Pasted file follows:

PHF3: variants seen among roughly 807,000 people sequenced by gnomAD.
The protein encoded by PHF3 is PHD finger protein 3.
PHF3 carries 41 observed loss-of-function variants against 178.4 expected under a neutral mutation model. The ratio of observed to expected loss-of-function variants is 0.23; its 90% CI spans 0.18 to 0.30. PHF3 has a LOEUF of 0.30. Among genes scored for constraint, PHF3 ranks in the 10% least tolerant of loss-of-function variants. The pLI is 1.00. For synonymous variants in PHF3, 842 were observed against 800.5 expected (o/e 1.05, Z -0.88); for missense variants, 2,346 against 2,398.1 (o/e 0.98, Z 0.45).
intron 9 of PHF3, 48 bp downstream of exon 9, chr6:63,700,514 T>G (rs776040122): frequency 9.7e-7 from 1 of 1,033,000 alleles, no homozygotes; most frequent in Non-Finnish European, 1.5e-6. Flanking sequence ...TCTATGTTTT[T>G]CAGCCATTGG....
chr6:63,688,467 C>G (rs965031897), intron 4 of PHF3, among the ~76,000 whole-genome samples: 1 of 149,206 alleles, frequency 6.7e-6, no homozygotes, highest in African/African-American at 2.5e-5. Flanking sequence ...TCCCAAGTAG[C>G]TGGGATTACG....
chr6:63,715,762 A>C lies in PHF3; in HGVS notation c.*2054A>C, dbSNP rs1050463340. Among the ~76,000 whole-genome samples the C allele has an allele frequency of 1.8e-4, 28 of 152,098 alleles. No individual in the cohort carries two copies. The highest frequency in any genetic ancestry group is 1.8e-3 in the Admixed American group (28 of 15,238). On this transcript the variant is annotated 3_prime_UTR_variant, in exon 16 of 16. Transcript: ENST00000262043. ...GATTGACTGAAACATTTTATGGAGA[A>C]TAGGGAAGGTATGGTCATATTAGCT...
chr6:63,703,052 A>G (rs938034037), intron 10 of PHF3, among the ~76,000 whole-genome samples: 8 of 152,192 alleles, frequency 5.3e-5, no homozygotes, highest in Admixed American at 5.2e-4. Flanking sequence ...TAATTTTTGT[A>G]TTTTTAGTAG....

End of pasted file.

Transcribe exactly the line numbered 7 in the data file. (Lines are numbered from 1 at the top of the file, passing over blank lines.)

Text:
chr6:63,703,052 A>G (rs938034037), intron 10 of PHF3, among the ~76,000 whole-genome samples: 8 of 152,192 alleles, frequency 5.3e-5, no homozygotes, highest in Admixed American at 5.2e-4. Flanking sequence ...TAATTTTTGT[A>G]TTTTTAGTAG....